How do teachers ensure retrieval practice has notable benefits for all learners?
New research suggests the effect of working memory using retrieval practice only emerges when the task challenges WM capacity.
Using retrieval practice with different learners
In a new 14-page paper, published by Zheng et al. (October 2022), research explores the inconsistency regarding the effect of working memory capacity on the testing effect – otherwise known as retrieval practice.
The typical finding is that in the final test (exam), items practised in the test condition (e.g. mock exam) are better than those in a restudy condition (day-to-day classroom).
This research poses an interesting conundrum: it is unclear whether testing should be uniformly applied in the classroom and whether testing help certain subpopulations more than others.
This raises some important questions for teachers working with various students (gifted, pupil premium, special educational needs etc) who are more successful than others in certain learning conditions.
Whilst many teachers are excited about the benefits of retrieval practice, if we stop for a moment to consider the various needs of our students in our classrooms, we should not be surprised to learn that students with a lower working memory capacity will benefit less from retrieval practice in certain scenarios.
For example, Monday morning or Friday afternoon? During detention or high-stakes exam? In English, maths or an Art lesson they love or loathe?
This research lasted four weeks, with each participant completing a visual search task over 9 sessions in the first 3 weeks of the trial. Spaced practice was used at various intervals (more details can be found on page 3-5).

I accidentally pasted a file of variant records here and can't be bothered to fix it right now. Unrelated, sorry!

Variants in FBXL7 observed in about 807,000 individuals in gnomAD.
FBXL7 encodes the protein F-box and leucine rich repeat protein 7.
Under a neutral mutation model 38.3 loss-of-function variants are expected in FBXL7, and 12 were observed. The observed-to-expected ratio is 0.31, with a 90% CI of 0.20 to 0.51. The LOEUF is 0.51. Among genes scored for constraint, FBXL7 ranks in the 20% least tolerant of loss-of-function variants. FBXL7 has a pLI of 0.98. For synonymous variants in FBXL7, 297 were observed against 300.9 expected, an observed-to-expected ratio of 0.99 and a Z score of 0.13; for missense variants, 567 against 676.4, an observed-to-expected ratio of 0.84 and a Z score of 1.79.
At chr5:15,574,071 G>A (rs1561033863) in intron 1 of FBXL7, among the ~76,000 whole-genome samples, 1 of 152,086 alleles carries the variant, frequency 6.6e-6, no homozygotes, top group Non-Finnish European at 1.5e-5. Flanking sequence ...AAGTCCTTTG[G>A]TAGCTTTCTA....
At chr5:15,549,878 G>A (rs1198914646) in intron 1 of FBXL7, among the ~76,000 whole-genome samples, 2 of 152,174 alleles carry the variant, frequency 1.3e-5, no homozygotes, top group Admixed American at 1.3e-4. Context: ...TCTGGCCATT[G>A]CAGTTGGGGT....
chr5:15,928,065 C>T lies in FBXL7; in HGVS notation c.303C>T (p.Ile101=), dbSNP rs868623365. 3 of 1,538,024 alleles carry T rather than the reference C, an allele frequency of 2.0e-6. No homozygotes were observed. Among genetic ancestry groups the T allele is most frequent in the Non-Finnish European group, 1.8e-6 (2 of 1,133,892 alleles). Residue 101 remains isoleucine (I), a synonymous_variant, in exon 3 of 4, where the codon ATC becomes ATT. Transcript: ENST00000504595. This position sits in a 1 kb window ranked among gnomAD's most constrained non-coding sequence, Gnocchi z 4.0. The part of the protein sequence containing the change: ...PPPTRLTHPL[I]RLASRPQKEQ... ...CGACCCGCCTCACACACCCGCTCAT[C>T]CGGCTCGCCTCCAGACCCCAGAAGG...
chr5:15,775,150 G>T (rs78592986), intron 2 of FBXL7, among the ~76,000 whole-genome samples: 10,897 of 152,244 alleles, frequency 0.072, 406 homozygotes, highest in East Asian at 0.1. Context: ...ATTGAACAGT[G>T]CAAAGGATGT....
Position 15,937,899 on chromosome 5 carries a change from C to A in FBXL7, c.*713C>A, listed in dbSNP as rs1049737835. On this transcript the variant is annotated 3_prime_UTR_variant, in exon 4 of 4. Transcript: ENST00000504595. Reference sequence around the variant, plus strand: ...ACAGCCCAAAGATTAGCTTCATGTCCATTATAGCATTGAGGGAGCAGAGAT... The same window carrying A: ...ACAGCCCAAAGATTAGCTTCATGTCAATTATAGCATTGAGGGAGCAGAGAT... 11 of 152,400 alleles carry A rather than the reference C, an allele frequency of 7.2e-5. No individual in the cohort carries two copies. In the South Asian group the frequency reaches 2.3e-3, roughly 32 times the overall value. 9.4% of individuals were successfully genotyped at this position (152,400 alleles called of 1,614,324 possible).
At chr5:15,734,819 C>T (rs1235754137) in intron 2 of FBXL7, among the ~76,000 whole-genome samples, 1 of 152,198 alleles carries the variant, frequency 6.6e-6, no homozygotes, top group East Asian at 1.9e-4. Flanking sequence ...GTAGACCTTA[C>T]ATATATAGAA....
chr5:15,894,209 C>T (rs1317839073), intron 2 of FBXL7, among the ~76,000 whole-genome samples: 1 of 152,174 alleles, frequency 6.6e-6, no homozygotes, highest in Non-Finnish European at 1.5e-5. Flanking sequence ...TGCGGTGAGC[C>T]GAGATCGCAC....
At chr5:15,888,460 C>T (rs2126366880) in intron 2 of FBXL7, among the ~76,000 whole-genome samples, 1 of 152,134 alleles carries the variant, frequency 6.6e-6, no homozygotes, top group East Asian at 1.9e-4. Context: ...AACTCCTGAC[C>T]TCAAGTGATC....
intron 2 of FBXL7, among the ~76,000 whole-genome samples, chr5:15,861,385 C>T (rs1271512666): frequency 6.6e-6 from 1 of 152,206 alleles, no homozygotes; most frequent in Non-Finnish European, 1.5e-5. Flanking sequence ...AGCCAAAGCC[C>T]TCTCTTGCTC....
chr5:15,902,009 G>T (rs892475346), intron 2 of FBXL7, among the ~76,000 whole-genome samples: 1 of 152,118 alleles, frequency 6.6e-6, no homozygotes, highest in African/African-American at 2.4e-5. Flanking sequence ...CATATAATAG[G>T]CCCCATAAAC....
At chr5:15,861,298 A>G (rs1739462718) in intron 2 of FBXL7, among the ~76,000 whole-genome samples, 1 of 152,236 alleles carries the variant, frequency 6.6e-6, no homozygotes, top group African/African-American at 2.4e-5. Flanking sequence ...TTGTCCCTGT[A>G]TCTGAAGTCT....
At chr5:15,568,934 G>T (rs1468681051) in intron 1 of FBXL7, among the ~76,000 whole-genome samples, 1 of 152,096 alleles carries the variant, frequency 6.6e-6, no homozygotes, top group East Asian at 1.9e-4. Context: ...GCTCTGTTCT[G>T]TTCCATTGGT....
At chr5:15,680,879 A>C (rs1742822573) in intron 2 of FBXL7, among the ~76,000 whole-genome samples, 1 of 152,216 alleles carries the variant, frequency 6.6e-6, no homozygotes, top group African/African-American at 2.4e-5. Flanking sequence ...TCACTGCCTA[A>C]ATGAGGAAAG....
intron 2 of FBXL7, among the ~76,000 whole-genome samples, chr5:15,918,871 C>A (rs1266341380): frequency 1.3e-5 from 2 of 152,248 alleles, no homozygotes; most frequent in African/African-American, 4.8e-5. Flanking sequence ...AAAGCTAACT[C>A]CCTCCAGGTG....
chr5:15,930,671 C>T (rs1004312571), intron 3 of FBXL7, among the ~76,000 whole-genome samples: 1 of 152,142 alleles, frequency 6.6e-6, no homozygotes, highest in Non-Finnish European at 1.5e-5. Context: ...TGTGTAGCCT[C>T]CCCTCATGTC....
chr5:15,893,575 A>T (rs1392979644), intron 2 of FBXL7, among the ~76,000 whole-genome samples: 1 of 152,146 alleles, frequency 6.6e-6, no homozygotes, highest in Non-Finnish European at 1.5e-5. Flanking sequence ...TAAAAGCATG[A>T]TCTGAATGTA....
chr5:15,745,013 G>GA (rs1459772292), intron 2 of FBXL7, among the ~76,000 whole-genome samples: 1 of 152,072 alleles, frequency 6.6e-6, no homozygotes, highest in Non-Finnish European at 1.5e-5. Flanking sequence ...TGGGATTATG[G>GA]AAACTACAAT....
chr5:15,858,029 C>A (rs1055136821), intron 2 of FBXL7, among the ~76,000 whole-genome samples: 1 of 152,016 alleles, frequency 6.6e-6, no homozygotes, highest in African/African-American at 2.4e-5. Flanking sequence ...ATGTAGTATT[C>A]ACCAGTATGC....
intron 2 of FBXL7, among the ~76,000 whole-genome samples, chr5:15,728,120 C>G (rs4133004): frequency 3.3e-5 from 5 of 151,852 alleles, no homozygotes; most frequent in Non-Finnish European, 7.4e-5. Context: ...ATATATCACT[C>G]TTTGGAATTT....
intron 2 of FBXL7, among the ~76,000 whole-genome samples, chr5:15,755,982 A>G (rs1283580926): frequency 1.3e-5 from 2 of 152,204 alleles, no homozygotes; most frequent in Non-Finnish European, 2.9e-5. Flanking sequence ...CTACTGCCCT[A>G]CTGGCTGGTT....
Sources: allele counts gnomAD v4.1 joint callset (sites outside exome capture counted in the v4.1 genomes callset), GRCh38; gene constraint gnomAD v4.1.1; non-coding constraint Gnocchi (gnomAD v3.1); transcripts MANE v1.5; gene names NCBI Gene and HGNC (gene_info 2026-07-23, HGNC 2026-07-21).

Thirty-five undergraduate students – note, not classroom pupils – took part in the study with 33 participants required to achieve 80% success. All students spoke Chinese as their first language and two participants were excluded because of low accuracy in the final test.
The research suggested that “people with abundant working memory resources benefited from retrieval practice regardless of the stimulus frequency.”
Conversely, people with a lower working memory tended to have a “negative testing effect” and “demonstrates that retrieval practice is a costly learning technique.” The research suggests that a bottleneck of working memory emerges only when the demands of working memory exceed the working memory capacity.
Older people benefited from testing when feedback was provided but learned better through restudying than testing when no feedback was provided (Tse et al., 2010).
Two hypotheses are offered with my questions for teachers to consider below:
The first, that that the only benefit of retrieval attempt is for memories to be fully strengthened as long as the correct targets are retrieved. The second? That learners can benefit from re-encoding correctly retrieved information. The research writes that “successfully recalled associations may not be fully strengthened if WM resources are depleted during the retrieval attempt.”
Recommendations for teachers
- How should teachers adapt retrieval practice techniques for disadvantaged pupils?
- When should retrieval practice be used?
- Why should a retrieval practice quiz be adapted for different abilities?
- Do online quizzing platforms consider the working memory of the pupils using the software?
- What in-house research can schools conduct to learn how retrieval hinders or supports various learners?
Successfully retrieving the item does NOT ❌ guarantee that the memory is more effectively strengthened than restudying the item. (Zheng et al., 2022)